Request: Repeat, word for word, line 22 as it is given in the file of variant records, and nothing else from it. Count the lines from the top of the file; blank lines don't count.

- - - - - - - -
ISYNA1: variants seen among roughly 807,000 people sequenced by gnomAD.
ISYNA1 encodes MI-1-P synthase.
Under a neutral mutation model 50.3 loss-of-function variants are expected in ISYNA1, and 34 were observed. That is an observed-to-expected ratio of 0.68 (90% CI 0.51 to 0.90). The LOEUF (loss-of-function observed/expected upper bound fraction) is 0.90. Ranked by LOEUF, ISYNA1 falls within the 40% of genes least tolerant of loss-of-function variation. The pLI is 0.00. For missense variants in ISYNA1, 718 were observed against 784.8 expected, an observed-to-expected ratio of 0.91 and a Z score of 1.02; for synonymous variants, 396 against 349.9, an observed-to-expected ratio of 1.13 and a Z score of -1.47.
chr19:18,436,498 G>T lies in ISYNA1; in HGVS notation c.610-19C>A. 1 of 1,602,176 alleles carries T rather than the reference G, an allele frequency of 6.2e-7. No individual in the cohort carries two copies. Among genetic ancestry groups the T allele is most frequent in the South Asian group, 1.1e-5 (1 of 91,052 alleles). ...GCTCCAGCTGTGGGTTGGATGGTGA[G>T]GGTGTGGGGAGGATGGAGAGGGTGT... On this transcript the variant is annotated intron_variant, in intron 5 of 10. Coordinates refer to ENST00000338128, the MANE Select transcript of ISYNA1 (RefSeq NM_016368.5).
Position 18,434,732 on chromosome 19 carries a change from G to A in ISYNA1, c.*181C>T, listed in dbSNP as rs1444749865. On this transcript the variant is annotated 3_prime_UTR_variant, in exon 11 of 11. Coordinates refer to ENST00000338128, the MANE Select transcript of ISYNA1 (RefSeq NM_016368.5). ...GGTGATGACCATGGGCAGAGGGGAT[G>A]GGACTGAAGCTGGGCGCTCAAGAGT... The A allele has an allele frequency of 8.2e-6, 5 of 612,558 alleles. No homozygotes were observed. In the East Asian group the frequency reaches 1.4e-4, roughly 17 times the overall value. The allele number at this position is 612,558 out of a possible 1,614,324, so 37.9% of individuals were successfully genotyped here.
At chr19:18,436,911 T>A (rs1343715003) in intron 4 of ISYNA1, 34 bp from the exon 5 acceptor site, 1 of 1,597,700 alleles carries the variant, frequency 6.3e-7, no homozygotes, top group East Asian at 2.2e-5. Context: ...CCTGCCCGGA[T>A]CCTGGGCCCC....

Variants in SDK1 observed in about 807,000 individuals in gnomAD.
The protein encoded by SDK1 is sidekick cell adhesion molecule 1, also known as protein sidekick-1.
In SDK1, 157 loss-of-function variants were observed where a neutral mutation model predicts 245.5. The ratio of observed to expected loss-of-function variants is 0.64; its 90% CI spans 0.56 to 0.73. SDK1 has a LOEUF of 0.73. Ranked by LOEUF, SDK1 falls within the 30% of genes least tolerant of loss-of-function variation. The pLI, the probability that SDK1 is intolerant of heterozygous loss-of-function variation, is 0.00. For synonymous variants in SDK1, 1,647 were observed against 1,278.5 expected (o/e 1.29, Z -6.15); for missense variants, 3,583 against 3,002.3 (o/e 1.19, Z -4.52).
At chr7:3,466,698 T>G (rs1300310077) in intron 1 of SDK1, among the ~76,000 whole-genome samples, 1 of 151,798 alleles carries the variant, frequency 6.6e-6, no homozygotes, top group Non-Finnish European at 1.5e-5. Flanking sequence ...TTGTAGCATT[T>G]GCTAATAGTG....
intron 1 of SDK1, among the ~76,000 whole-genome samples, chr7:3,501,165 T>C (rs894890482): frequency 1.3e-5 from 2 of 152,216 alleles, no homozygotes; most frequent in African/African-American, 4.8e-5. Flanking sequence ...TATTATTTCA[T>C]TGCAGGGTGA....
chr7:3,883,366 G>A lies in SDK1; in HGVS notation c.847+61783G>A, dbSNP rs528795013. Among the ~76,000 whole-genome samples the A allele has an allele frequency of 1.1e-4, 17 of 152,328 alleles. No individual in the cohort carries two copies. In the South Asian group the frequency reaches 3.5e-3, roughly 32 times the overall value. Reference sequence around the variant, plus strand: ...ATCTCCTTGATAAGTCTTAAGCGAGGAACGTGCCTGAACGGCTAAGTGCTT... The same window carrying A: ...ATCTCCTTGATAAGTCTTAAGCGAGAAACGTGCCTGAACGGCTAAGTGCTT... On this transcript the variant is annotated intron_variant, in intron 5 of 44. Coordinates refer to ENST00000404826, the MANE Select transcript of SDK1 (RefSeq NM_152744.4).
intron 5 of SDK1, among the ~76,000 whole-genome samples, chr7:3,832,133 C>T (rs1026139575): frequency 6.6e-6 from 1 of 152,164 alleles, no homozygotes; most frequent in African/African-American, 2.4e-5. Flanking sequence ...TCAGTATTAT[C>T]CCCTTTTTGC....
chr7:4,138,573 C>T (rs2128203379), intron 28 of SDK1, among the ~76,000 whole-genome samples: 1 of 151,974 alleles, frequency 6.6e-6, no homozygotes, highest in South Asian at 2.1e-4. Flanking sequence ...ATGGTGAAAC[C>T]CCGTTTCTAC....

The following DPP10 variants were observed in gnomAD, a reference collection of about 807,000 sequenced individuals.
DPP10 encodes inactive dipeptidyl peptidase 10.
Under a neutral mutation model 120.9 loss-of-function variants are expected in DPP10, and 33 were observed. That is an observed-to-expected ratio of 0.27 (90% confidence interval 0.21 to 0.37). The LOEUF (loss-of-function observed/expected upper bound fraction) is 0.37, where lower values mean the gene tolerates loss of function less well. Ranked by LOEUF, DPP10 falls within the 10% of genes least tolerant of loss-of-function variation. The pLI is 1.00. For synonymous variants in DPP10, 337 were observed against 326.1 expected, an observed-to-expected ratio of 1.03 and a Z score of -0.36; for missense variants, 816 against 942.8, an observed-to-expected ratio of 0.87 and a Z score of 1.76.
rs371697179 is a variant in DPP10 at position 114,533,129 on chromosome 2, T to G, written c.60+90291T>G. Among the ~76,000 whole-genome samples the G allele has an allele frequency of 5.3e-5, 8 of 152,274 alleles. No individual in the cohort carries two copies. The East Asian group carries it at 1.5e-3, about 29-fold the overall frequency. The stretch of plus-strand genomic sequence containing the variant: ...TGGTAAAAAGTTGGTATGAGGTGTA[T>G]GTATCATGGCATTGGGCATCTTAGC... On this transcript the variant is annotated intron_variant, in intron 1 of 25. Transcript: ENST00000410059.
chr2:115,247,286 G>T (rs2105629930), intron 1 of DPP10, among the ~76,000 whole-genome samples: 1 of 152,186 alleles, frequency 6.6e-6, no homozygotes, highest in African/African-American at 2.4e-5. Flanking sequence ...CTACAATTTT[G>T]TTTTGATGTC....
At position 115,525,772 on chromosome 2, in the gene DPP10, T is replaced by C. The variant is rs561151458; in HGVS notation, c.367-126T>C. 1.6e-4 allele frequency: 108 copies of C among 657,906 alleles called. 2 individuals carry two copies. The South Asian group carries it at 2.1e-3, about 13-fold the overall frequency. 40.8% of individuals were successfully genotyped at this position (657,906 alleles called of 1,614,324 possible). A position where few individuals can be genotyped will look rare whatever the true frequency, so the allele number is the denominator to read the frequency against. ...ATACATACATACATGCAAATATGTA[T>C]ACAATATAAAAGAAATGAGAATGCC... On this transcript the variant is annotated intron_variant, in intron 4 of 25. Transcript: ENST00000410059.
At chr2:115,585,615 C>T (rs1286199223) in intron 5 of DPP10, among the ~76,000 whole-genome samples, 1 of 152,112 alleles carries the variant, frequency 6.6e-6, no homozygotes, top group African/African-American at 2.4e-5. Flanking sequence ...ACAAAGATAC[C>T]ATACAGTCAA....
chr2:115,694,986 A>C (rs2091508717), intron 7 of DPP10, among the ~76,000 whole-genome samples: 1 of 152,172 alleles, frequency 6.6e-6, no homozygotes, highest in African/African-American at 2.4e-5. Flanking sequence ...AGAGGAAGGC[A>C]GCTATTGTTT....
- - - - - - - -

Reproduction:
chr2:115,694,986 A>C (rs2091508717), intron 7 of DPP10, among the ~76,000 whole-genome samples: 1 of 152,172 alleles, frequency 6.6e-6, no homozygotes, highest in African/African-American at 2.4e-5. Flanking sequence ...AGAGGAAGGC[A>C]GCTATTGTTT....